After COVID-19 case numbers remained level or decreased yesterday compared to the day before, today’s numbers revealed slight increases but remained roughly on par.
B.C. has begun reporting suspected cases of the inflammatory syndrome in children and youth that has been observed around the world.
The BCCDC has also added maps of the geographic distribution of cases across the province by health service delivery area (to be updated once a week) and by local health area (to be updated once a month).
Meanwhile, B.C. provincial health officer Dr. Bonnie Henry responded to health and safety questions about schools.
Daily update: August 27
Henry confirmed 68 new cases today, which include four epi-linked cases. That’s a slight increase from 62 new cases yesterday.
There are currently 906 active cases, which is an increase of 10 cases from yesterday’s number of 896 cases.
Of those cases, 22 people are in hospital (seven patients are in intensive care units)—an increase of one person. B.C. Health Minister Adrian Dix said 19 are in Fraser Health and three are in Vancouver Coastal Health.
The number of people who public health is monitoring has risen once again, from 2,730 people yesterday to 2,810 individuals today—an increase of 80 people.
The good news is that there aren’t any new healthcare outbreaks and the outbreak at Arbutus Care Centre has been declared over. There remain 11 active healthcare outbreaks (nine are in longterm care facilities and two are in acute care), with a cumulative total of 714 cases (432 residents and 282 staff) involved in healthcare outbreaks during the pandemic.
However, there is one new community outbreak.
Henry said the outbreak, involving seven cases, has occurred at a construction site at a water treatment facility in Elkford, B.C. She said that the location, which was following COVID-19 regulations for industrial sites, is separate from the local community and that Interior Health confirmed that there isn’t any risk to the public.
The provincial cumulative total, over the course of the pandemic, is now at 5,372 cases. That includes 1,737 cases in Vancouver Coastal Health; 2,818 in Fraser Health; 173 in Island Health; 429 in Interior Health; 137 in Northern Health; and 78 cases among people who live outside Canada.
Unfortunately, there is one new death, raising the total fatalities to 204 people who have died.
Inflammatory syndrome in children
As of today, Henry said they will start reporting suspected cases of Multisystem Inflammatory Syndrome in children and teenagers (MISC) so they can monitor it, and stated there are eight suspected cases, which are the first such cases in this province.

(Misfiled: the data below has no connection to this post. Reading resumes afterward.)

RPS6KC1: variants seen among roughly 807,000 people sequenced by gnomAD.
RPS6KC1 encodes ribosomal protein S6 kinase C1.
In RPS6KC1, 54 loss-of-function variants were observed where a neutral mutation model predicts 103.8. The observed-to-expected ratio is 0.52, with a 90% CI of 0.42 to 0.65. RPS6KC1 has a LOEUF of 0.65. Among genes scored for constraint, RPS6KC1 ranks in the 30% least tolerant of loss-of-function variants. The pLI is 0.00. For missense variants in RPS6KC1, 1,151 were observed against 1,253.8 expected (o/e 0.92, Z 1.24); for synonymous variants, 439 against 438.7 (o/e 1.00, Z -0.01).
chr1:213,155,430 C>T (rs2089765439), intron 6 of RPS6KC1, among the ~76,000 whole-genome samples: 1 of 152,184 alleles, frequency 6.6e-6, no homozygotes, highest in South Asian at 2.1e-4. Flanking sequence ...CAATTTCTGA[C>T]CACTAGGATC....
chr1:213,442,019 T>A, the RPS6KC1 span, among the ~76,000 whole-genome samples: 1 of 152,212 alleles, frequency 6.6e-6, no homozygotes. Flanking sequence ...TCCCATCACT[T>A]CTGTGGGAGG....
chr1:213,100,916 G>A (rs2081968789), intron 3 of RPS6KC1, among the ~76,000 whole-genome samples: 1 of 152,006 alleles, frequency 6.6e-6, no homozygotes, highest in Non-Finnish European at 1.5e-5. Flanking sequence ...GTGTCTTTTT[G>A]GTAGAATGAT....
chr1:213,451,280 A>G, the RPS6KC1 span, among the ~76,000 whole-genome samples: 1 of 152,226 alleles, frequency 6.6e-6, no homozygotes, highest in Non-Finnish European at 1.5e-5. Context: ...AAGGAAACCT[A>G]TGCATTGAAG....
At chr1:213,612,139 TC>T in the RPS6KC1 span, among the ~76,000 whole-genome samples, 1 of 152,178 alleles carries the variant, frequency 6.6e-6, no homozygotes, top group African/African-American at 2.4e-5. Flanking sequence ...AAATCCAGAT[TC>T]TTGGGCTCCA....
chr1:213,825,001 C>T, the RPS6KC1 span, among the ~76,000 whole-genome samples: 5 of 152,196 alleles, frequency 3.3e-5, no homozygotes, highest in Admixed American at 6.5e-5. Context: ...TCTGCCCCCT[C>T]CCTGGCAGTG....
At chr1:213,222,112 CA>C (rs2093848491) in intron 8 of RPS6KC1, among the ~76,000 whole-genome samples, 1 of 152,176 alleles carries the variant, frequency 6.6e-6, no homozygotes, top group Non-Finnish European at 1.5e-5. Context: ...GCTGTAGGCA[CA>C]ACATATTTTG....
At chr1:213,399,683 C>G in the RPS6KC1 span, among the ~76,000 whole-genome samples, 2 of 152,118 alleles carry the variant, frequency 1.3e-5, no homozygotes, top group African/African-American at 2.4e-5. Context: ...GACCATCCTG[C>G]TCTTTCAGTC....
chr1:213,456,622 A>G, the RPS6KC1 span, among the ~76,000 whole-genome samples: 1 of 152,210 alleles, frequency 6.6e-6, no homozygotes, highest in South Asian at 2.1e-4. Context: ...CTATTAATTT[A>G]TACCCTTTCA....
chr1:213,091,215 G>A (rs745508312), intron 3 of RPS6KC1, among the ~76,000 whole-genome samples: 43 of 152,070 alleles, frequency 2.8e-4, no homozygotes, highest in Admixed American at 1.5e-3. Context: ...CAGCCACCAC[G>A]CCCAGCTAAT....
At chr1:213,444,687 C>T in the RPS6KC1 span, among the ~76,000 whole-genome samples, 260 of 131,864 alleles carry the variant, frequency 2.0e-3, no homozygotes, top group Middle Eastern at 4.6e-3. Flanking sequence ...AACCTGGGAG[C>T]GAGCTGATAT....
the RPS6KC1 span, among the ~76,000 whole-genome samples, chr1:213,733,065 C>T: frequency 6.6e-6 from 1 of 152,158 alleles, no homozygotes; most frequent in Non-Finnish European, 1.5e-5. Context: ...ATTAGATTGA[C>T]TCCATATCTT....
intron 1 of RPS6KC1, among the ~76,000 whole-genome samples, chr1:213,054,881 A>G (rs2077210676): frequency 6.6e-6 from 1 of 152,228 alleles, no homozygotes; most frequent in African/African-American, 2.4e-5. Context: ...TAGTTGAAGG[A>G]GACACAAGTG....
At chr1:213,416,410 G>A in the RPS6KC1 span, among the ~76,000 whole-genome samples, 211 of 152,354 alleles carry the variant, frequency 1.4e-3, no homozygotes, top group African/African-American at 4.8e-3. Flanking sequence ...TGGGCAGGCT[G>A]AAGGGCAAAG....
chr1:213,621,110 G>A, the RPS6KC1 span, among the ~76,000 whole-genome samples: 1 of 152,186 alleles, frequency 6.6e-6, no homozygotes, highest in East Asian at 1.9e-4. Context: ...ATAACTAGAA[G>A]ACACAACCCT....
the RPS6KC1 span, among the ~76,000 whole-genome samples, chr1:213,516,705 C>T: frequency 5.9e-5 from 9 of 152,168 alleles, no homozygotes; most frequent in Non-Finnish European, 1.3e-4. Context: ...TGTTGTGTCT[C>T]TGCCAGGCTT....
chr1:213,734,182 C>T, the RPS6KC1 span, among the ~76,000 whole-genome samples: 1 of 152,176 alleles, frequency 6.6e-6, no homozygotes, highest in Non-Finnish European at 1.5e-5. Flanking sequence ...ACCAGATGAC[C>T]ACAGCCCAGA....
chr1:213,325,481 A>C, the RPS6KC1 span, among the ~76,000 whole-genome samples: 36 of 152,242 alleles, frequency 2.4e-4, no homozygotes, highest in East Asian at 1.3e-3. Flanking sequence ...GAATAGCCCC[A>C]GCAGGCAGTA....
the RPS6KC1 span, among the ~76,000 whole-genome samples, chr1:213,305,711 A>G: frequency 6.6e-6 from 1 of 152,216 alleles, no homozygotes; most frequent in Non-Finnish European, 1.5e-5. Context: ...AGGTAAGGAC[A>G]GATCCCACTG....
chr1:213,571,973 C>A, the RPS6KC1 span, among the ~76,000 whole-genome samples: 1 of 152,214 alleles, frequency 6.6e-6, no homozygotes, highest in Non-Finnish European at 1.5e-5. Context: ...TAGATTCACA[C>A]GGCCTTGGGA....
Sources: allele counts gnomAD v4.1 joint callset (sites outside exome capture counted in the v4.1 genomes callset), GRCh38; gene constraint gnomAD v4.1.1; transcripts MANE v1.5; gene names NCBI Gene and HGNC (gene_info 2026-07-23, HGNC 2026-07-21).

Symptoms include prolonged fever, red eyes, abdominal pain, swollen blood vessels (including cardiac involvement), vomiting or diarrhea, skin rash, and fatigue or lethargy, Henry said.
“This is something that has arisen as being associated in some parts of the world with COVID-19,” she said, but she added that there also other possible causes of it.
She said that there were five males and three females, with an average age of 4 years. All cases were hospitalized (two were in intensive care) but all have fully recovered.
These cases are suspected, she explained, because the individuals didn’t test positive for COVID-19, didn’t have antibodies, and had no known exposures to confirmed COVID-19 cases.
She said all the of the cases were reported by the B.C. Children’s Hospital, and that they’ve been monitoring for MISC since March after it was first identified.
Henry explained that the case definitions of MISC have changed across Canada and previously only lab-confirmed cases or those linked to a confirmed COVID-19 case were reported. She said it remains a rare condition around the world, and that they are still trying to learn more about it.
Back to school
B.C. Education Minister Rob Fleming announced yesterday (August 26) that all school districts in the province have posted their health and safety plans on their websites.
When Henry was asked about COVID-19 in schools, she said that while she expects there will likely be some cases in schools, she said they have to ensure that everything is done to minimize that and “managing them quickly and efficiently” as they have in the past.
As she said there are very low levels of virus spread in most communities in the province, even where there is some community spread, she said they expect to see similar low levels in school.
“What happens in school reflects what’s happening in the community,” she said, noting that this has been observed around the world.
She said she doesn’t expect to see widespread outbreaks or superspreader incidents occurring in schools, as have been seen in other jurisdictions, based on previous experiences here.
She said from students attending schools in June, they learned what works and what doesn’t work on operational levels in the school system. She said there were introductions of some cases into schools in June but that public health was able to manage these cases without transmissions.
“We are living with this virus for a long time so we need to work together, we need to use our imagination and innovation, and we need to work with kids and with the adults in our schools,” she said.
When asked if delaying the start of school by two weeks would help, Henry said she thought that would only prolong some anxieties and that there are “good, solid plans in place”.
While health authorities haven’t added any new potential community exposure incidents to their lists, the BCCDC has added three more flights connected with COVID-19.
Two are international flights. One is Air India flight 1143 from Delhi, India, to Vancouver on August 5. The second is Aeromexico flight 696 from Mexico City to Vancouver on August 21.
Affected rows weren’t specified for either of these flights.
The third flight is domestic. Air Canada flight 250 from Vancouver to Edmonton on August 16. Anyone in rows 17 to 23 may have been affected.